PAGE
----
There is a biblical saying “two wrongs don’t make a right”.
The ethics of reciprocity, popularly referred to as the “golden rule,” is any form of the dictum: “Do unto others as you would have them do unto you.”
This concept appears in some formulation in nearly all religions and ethical systems. It has its roots in the canonical source texts of the Jewish religion, Christianity and Islam.
“That which is hateful to you, do not do to your fellow. That is the whole Torah; the rest is the explanation; go and learn,” was outlined by Hillel and recorded in the Mishnah, which forms part of the canon of Jewish thought which emanates from the Holy Land as well as the Diaspora and which has been bequeathed to all of humanity.
It is found in later Christian texts in particular John verse 18, Mathew 5:38 and Luke 6:27-28 and is strongly alluded to by related ethical concepts in Islam
The Qurʾān exhorts believers to be merciful (Q 90:17), to forgive others (Q 24:22), to give charity (Q 2:254), and to seek justice even at the expense of self-interest (Q4:135). It warns believers that hatred leads to injustice (Q 5:8).
According to scholars: “The heavy emphasis on good works as a general Qurʾānic theme can be considered the logical results of the ethics of reciprocity in action.”
Similarly, when South Africans are asked to reciprocate in their open support and solidarity with the people of Palestine, we need to remember that unlike our secular struggle for freedom and democracy which was based upon a tangible civil rights document known as the Freedom Charter, no similar document exists as such when it comes to the Middle East.
Where moral authority for the people of South Africa was drawn from natural rights arising from a democratic struggle for justice in our own country, the ‘ moral authority’ alluded to by Hamas, Fatah and also by extension Tel Aviv, all arise from a particular historicist reading, one placing each others struggle at the centre of world events and each depending upon each other’s relative time-frame.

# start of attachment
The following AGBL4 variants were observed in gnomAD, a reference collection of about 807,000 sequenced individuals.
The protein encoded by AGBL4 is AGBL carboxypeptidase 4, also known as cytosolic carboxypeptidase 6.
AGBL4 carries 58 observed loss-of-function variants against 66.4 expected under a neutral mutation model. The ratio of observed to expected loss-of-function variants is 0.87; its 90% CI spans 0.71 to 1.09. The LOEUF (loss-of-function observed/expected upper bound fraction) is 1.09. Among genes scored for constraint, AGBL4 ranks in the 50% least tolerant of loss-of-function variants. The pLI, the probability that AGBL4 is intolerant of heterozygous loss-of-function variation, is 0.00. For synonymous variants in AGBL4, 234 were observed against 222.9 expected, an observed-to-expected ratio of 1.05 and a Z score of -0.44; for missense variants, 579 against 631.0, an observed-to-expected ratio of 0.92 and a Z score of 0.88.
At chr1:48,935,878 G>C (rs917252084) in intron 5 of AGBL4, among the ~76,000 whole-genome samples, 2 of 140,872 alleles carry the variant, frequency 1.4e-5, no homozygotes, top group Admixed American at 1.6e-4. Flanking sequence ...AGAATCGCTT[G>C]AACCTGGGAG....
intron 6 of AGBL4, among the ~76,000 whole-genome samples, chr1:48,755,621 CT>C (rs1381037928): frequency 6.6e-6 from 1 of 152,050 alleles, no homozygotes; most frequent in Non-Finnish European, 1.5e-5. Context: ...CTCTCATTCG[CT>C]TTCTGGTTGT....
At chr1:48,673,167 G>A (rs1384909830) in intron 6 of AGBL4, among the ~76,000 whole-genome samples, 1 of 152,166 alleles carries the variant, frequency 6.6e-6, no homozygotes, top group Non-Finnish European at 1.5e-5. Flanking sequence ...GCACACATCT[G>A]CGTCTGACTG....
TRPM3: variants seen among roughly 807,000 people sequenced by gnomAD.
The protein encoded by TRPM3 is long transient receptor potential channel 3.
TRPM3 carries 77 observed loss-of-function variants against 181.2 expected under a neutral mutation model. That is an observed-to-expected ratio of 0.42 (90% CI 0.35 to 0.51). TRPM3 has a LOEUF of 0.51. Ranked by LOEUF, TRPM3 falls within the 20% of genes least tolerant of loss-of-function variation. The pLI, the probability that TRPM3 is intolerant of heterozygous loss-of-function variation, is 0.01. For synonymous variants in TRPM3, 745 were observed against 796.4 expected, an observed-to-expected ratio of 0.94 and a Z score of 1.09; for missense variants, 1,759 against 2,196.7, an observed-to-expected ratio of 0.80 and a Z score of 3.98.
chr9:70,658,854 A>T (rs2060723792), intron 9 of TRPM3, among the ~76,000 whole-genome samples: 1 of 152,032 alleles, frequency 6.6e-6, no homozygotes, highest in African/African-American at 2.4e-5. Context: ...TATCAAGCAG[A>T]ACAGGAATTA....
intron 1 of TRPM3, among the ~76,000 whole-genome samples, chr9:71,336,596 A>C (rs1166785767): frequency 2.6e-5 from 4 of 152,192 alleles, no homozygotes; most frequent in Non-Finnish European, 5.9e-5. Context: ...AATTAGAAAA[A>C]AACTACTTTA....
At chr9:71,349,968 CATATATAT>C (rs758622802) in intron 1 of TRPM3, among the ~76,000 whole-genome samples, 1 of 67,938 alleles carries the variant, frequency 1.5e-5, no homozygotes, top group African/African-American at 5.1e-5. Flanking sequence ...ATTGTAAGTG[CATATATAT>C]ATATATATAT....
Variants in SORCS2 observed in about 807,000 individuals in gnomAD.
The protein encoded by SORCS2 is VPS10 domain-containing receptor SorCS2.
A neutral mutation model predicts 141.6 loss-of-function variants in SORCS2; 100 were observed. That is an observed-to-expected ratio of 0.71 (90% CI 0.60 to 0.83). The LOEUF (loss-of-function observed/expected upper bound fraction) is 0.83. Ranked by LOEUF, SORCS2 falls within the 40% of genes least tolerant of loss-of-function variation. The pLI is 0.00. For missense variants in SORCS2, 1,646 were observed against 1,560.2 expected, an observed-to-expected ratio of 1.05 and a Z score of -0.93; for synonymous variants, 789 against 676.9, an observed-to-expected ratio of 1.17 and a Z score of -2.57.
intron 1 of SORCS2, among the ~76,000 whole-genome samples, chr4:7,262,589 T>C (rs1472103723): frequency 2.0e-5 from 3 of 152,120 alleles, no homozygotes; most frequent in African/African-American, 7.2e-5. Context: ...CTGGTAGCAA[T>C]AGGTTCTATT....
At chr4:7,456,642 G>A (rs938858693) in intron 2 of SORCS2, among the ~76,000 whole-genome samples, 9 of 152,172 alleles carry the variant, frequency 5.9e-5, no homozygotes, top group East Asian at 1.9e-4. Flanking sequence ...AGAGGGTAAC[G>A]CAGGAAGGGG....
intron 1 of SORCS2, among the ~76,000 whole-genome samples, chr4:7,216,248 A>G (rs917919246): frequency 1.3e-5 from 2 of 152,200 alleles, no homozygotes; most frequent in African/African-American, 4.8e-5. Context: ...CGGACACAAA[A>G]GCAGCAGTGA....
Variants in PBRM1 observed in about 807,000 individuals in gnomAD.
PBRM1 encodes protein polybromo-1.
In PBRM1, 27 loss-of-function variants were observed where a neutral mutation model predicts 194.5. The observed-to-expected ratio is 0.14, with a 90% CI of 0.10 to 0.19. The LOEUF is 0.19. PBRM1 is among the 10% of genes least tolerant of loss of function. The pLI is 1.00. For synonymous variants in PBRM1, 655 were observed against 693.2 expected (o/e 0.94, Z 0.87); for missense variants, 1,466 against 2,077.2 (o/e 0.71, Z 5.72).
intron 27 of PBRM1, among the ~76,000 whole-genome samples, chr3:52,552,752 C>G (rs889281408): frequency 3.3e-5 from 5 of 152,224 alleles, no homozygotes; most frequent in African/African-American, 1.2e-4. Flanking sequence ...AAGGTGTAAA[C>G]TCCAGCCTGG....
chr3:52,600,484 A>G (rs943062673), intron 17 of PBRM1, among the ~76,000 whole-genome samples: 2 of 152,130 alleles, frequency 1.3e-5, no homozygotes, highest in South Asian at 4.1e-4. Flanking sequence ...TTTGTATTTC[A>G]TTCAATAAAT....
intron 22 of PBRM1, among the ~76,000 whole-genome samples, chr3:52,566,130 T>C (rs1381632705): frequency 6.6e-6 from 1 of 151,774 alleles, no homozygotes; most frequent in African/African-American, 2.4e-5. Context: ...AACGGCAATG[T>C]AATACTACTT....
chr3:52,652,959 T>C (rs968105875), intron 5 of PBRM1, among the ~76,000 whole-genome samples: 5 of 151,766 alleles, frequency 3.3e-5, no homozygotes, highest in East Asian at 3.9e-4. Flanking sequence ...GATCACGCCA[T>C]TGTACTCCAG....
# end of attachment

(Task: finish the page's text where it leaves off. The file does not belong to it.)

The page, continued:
This is not the purpose of this piece to examine the relative merits of each sides claim to the holy land, other than to note the injustice of the call to solidarity expressed by a member of the politburo of Hamas in the daily press, which I decline for the following reason:
There is no attempt by Hamas to provide for secularism and human rights for all affected people in its revised political programme, amended earlier this year to bring it in line with the Fatah movement’s acceptance of the borders of 1967 as a starting point of negotiation. Far from plugging this more moderate line, the spokesperson goes so far as to narrate and reiterate the prior case for the complete removal of his opponent, and thus a standpoint which would be unacceptable, even to those who would need to be included in any negotiation process.
As a longstanding anti-apartheid activist, and war resister, and thus a hostage to both sides in the conflict, I can only caution, that the resolution of our own conflict at home, came about not merely due to acts of international solidarity, but rather because of the genuine acceptance by each party of the need to listen to each other’s respective points of view, and thus the need for reciprocity and dialogue.
It is only via reciprocity and dialogue with all parties affected, that any resolution to the conflict can ever come about.